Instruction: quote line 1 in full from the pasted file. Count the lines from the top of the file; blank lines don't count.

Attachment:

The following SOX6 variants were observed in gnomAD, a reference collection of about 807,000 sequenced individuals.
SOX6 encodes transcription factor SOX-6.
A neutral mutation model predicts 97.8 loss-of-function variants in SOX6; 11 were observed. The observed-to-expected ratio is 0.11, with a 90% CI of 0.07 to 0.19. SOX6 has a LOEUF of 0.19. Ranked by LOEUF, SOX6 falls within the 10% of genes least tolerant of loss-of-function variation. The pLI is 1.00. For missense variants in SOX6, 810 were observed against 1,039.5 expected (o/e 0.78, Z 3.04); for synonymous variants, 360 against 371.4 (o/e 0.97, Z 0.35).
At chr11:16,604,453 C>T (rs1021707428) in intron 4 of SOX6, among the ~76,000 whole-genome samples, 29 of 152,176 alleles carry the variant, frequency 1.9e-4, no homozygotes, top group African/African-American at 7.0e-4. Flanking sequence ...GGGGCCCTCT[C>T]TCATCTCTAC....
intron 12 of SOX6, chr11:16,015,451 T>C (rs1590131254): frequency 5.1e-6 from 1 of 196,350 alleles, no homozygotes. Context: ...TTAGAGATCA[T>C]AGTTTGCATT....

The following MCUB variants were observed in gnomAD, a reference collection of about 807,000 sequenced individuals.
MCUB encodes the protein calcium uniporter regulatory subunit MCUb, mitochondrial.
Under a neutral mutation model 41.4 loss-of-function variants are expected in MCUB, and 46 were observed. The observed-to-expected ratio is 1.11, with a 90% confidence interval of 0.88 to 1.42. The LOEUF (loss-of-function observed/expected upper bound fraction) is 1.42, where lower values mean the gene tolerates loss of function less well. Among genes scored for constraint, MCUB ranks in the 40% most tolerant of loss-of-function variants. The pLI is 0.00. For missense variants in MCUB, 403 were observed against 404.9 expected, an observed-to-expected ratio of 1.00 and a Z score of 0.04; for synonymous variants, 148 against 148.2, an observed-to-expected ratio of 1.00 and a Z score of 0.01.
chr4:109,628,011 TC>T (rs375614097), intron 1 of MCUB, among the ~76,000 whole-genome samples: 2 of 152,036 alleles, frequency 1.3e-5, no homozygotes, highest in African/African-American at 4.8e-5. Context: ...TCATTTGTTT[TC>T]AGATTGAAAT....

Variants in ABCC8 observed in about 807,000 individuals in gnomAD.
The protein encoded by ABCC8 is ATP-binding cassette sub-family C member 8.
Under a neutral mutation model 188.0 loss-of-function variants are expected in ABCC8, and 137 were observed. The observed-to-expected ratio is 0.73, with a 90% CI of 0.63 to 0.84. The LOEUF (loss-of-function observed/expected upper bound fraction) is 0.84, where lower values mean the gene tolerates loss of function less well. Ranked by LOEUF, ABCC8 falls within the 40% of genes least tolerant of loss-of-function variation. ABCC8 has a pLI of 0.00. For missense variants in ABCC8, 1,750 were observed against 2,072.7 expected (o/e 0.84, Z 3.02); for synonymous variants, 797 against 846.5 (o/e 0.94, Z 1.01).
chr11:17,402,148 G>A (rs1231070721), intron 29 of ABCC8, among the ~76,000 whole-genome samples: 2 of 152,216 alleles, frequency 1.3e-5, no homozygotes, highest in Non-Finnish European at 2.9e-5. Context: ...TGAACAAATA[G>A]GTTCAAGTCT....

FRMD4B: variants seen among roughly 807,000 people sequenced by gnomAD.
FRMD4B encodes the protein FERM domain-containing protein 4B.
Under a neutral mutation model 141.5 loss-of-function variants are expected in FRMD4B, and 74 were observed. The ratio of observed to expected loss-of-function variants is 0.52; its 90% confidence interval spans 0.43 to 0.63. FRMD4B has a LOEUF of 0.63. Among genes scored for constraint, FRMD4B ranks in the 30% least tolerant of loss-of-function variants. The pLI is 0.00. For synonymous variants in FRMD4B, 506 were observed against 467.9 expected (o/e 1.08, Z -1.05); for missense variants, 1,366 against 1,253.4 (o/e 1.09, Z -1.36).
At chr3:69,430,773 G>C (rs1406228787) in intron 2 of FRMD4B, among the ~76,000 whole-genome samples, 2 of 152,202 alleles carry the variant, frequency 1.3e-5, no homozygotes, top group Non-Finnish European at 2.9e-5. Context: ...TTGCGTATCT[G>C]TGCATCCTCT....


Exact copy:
The following SOX6 variants were observed in gnomAD, a reference collection of about 807,000 sequenced individuals.